Out of “Borrowed Space”: Multi-Culturalist Discourse and Historiography in the Twenty-First Century


Built upon contemporary discourses about centeredness and multi-culturalist approaches to history and the making of historiography, this study aims to explore the beginnings of the Afrocentric movement in the 1980s as a leading argument against the advent of Eurocentrism, and Eurocentric interpretations of historiography, civilizational agency and organization within academia in the United States. Black Power and Black Arts Movements have contributed to the formation of Black Studies programs and departments throughout the U.S. facilitating the spread of Afrocentric thought. In its demystification of Western etymology and Eurocentric arguments on universality, and historical precedence, Afrocentricity has played a fundamental role in steering culture-centered ideologies to a multitude in the Middle East, North Africa, Asia and the Far East which were particularly polarized after September 11, 2001. It has also been influential in generating conflict-resolution discourses while expanding culturalist positions in defense of civil liberties throughout the world.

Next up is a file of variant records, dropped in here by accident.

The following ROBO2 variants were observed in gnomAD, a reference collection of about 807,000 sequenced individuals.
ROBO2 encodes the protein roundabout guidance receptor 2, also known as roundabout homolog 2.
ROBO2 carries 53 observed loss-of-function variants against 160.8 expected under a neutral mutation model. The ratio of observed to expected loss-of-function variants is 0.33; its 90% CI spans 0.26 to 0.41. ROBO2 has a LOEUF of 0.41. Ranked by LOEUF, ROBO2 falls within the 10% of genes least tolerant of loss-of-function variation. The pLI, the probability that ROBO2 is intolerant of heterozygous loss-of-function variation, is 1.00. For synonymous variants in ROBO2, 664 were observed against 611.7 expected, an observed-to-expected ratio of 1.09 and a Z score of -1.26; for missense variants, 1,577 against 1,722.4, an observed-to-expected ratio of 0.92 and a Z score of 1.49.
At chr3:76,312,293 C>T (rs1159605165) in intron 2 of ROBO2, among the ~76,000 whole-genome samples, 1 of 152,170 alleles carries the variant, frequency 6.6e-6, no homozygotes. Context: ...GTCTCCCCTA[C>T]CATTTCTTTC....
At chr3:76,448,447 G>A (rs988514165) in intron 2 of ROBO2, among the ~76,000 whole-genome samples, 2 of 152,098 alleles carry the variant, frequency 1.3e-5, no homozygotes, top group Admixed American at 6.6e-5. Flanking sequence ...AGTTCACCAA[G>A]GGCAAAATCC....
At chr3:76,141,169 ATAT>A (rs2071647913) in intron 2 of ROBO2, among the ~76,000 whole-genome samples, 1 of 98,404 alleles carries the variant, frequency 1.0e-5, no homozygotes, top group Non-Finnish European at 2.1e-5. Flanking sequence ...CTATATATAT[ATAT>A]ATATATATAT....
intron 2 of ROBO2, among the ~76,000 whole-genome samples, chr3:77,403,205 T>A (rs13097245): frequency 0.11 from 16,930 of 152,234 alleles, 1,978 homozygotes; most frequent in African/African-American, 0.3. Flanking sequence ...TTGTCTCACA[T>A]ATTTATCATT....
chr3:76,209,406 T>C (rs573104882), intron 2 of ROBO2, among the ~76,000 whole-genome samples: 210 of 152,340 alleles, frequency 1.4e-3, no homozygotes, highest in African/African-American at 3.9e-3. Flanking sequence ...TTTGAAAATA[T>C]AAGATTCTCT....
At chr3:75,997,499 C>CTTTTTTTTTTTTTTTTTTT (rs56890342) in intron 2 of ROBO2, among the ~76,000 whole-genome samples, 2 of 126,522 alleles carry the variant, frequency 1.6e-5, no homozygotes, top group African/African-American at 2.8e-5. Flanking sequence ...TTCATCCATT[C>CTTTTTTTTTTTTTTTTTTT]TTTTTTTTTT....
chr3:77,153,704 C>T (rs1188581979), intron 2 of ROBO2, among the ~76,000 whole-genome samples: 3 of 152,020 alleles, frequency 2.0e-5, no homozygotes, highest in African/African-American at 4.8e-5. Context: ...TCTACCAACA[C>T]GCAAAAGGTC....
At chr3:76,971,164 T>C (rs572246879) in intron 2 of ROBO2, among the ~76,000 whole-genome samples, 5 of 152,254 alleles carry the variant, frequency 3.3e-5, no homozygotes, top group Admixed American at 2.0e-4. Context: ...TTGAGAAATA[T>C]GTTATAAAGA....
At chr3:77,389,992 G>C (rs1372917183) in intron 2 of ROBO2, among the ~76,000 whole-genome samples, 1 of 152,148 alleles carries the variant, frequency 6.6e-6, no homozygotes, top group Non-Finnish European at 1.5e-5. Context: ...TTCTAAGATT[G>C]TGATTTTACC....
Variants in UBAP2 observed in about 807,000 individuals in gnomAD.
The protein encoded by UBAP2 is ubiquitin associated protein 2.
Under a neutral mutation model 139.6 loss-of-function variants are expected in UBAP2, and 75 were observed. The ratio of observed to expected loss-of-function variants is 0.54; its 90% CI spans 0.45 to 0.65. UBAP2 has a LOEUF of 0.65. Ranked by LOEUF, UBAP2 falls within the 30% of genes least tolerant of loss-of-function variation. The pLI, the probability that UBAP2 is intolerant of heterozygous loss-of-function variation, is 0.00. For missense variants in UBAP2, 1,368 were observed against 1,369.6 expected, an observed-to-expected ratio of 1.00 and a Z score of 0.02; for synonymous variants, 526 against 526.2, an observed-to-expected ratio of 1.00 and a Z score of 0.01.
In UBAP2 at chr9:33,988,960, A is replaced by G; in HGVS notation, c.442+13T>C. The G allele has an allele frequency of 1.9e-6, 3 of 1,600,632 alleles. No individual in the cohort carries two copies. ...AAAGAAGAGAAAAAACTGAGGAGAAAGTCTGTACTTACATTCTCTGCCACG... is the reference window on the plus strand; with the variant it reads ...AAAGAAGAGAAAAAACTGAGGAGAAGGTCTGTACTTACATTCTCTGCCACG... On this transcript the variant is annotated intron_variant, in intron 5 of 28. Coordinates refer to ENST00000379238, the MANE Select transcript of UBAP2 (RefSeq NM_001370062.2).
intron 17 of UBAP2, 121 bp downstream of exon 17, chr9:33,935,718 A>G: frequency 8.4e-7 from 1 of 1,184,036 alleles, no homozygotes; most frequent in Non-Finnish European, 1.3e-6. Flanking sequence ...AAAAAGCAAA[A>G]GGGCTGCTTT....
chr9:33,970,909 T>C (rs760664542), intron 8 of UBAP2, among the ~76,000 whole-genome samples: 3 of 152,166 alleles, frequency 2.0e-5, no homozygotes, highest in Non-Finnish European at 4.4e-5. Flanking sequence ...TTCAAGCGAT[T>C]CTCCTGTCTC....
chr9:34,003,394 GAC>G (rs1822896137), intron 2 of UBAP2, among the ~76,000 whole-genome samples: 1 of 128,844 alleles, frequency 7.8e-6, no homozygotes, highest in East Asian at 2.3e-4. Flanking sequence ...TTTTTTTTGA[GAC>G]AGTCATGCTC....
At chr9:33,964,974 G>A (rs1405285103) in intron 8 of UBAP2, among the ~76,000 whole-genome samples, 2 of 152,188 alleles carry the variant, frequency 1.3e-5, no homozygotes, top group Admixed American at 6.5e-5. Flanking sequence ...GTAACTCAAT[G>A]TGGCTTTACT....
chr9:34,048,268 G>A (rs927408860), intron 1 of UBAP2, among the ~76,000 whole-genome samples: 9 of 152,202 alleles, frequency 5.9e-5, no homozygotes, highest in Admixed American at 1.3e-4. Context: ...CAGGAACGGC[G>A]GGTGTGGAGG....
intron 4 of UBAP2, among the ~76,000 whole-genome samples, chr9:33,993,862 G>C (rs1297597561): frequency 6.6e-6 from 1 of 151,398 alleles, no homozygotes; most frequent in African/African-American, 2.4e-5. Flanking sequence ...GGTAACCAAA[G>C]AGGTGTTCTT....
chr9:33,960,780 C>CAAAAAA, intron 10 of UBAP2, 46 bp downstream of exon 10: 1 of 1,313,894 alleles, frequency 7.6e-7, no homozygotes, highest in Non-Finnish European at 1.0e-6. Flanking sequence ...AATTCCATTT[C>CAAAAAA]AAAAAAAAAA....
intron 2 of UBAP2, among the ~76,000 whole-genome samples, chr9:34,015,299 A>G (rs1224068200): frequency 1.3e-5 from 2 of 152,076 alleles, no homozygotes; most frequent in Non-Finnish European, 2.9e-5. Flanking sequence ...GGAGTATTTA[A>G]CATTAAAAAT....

Multi-Cultural Afrocentric Eurocentric Historiography Michel Foucault